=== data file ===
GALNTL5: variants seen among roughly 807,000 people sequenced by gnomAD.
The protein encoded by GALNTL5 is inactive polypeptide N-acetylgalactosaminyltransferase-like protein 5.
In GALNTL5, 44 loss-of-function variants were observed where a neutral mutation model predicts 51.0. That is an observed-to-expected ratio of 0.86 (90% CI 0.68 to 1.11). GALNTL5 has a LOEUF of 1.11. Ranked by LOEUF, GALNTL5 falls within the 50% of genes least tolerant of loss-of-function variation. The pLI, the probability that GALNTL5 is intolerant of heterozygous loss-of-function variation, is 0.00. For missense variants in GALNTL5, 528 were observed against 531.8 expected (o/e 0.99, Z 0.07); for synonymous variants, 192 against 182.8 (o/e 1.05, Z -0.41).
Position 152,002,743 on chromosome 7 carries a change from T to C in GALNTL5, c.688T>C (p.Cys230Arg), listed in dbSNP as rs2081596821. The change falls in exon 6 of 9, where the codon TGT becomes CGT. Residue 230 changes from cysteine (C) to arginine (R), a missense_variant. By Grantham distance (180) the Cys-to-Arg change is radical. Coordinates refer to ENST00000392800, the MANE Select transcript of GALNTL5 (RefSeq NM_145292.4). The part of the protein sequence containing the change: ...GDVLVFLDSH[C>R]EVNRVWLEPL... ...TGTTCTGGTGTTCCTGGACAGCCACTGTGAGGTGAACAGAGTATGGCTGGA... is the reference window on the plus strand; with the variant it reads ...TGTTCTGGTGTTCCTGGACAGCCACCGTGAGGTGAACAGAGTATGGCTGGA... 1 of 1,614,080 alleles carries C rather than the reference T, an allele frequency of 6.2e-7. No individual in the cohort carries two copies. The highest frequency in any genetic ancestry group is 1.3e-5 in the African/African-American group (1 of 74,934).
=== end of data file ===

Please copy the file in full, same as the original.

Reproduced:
GALNTL5: variants seen among roughly 807,000 people sequenced by gnomAD.
The protein encoded by GALNTL5 is inactive polypeptide N-acetylgalactosaminyltransferase-like protein 5.
In GALNTL5, 44 loss-of-function variants were observed where a neutral mutation model predicts 51.0. That is an observed-to-expected ratio of 0.86 (90% CI 0.68 to 1.11). GALNTL5 has a LOEUF of 1.11. Ranked by LOEUF, GALNTL5 falls within the 50% of genes least tolerant of loss-of-function variation. The pLI, the probability that GALNTL5 is intolerant of heterozygous loss-of-function variation, is 0.00. For missense variants in GALNTL5, 528 were observed against 531.8 expected (o/e 0.99, Z 0.07); for synonymous variants, 192 against 182.8 (o/e 1.05, Z -0.41).
Position 152,002,743 on chromosome 7 carries a change from T to C in GALNTL5, c.688T>C (p.Cys230Arg), listed in dbSNP as rs2081596821. The change falls in exon 6 of 9, where the codon TGT becomes CGT. Residue 230 changes from cysteine (C) to arginine (R), a missense_variant. By Grantham distance (180) the Cys-to-Arg change is radical. Coordinates refer to ENST00000392800, the MANE Select transcript of GALNTL5 (RefSeq NM_145292.4). The part of the protein sequence containing the change: ...GDVLVFLDSH[C>R]EVNRVWLEPL... ...TGTTCTGGTGTTCCTGGACAGCCACTGTGAGGTGAACAGAGTATGGCTGGA... is the reference window on the plus strand; with the variant it reads ...TGTTCTGGTGTTCCTGGACAGCCACCGTGAGGTGAACAGAGTATGGCTGGA... 1 of 1,614,080 alleles carries C rather than the reference T, an allele frequency of 6.2e-7. No individual in the cohort carries two copies. The highest frequency in any genetic ancestry group is 1.3e-5 in the African/African-American group (1 of 74,934).